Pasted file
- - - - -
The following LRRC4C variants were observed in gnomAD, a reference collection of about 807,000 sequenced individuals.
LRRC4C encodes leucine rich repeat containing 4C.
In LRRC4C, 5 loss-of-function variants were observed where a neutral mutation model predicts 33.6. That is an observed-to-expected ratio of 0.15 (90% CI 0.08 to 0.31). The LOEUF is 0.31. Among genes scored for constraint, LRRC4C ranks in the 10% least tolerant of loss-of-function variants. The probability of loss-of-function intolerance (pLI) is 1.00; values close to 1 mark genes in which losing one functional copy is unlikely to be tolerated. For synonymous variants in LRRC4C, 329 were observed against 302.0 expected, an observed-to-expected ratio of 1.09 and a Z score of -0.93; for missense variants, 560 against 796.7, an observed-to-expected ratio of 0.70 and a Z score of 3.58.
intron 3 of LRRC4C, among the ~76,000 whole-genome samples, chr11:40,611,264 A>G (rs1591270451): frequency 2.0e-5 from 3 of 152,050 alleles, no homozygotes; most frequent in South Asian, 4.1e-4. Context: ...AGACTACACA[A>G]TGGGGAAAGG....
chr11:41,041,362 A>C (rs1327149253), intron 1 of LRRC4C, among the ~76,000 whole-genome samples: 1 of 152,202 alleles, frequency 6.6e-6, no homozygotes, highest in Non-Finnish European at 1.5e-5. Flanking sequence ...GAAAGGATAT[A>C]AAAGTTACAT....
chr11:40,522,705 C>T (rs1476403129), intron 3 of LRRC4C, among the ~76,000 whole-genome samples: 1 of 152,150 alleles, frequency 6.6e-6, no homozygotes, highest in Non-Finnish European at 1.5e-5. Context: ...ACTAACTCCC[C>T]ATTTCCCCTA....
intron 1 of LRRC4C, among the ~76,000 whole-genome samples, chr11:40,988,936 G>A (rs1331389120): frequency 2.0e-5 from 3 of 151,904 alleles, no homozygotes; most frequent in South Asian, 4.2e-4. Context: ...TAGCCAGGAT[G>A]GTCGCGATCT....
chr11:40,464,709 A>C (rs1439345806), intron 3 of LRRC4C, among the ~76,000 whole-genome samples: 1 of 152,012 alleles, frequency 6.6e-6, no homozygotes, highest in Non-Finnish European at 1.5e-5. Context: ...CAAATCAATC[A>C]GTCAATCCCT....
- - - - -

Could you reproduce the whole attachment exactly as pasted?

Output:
The following LRRC4C variants were observed in gnomAD, a reference collection of about 807,000 sequenced individuals.
LRRC4C encodes leucine rich repeat containing 4C.
In LRRC4C, 5 loss-of-function variants were observed where a neutral mutation model predicts 33.6. That is an observed-to-expected ratio of 0.15 (90% CI 0.08 to 0.31). The LOEUF is 0.31. Among genes scored for constraint, LRRC4C ranks in the 10% least tolerant of loss-of-function variants. The probability of loss-of-function intolerance (pLI) is 1.00; values close to 1 mark genes in which losing one functional copy is unlikely to be tolerated. For synonymous variants in LRRC4C, 329 were observed against 302.0 expected, an observed-to-expected ratio of 1.09 and a Z score of -0.93; for missense variants, 560 against 796.7, an observed-to-expected ratio of 0.70 and a Z score of 3.58.
intron 3 of LRRC4C, among the ~76,000 whole-genome samples, chr11:40,611,264 A>G (rs1591270451): frequency 2.0e-5 from 3 of 152,050 alleles, no homozygotes; most frequent in South Asian, 4.1e-4. Context: ...AGACTACACA[A>G]TGGGGAAAGG....
chr11:41,041,362 A>C (rs1327149253), intron 1 of LRRC4C, among the ~76,000 whole-genome samples: 1 of 152,202 alleles, frequency 6.6e-6, no homozygotes, highest in Non-Finnish European at 1.5e-5. Flanking sequence ...GAAAGGATAT[A>C]AAAGTTACAT....
chr11:40,522,705 C>T (rs1476403129), intron 3 of LRRC4C, among the ~76,000 whole-genome samples: 1 of 152,150 alleles, frequency 6.6e-6, no homozygotes, highest in Non-Finnish European at 1.5e-5. Context: ...ACTAACTCCC[C>T]ATTTCCCCTA....
intron 1 of LRRC4C, among the ~76,000 whole-genome samples, chr11:40,988,936 G>A (rs1331389120): frequency 2.0e-5 from 3 of 151,904 alleles, no homozygotes; most frequent in South Asian, 4.2e-4. Context: ...TAGCCAGGAT[G>A]GTCGCGATCT....
chr11:40,464,709 A>C (rs1439345806), intron 3 of LRRC4C, among the ~76,000 whole-genome samples: 1 of 152,012 alleles, frequency 6.6e-6, no homozygotes, highest in Non-Finnish European at 1.5e-5. Context: ...CAAATCAATC[A>C]GTCAATCCCT....